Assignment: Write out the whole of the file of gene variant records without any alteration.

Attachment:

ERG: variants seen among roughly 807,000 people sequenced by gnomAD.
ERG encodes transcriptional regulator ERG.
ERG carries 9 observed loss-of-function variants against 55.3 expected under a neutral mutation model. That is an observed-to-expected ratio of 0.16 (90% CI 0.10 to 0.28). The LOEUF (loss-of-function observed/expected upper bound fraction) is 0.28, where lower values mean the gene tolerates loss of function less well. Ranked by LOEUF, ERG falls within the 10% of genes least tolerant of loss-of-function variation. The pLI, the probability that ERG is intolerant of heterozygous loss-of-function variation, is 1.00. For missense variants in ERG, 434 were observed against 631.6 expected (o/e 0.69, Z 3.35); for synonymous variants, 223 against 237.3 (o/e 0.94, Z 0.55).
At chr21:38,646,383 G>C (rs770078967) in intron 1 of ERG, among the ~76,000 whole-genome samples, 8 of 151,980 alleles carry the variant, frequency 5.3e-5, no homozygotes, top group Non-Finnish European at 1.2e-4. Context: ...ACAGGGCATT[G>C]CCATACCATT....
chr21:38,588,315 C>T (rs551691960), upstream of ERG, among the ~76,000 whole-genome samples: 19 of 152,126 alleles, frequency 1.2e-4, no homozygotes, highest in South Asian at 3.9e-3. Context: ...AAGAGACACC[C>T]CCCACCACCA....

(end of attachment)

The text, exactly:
ERG: variants seen among roughly 807,000 people sequenced by gnomAD.
ERG encodes transcriptional regulator ERG.
ERG carries 9 observed loss-of-function variants against 55.3 expected under a neutral mutation model. That is an observed-to-expected ratio of 0.16 (90% CI 0.10 to 0.28). The LOEUF (loss-of-function observed/expected upper bound fraction) is 0.28, where lower values mean the gene tolerates loss of function less well. Ranked by LOEUF, ERG falls within the 10% of genes least tolerant of loss-of-function variation. The pLI, the probability that ERG is intolerant of heterozygous loss-of-function variation, is 1.00. For missense variants in ERG, 434 were observed against 631.6 expected (o/e 0.69, Z 3.35); for synonymous variants, 223 against 237.3 (o/e 0.94, Z 0.55).
At chr21:38,646,383 G>C (rs770078967) in intron 1 of ERG, among the ~76,000 whole-genome samples, 8 of 151,980 alleles carry the variant, frequency 5.3e-5, no homozygotes, top group Non-Finnish European at 1.2e-4. Context: ...ACAGGGCATT[G>C]CCATACCATT....
chr21:38,588,315 C>T (rs551691960), upstream of ERG, among the ~76,000 whole-genome samples: 19 of 152,126 alleles, frequency 1.2e-4, no homozygotes, highest in South Asian at 3.9e-3. Context: ...AAGAGACACC[C>T]CCCACCACCA....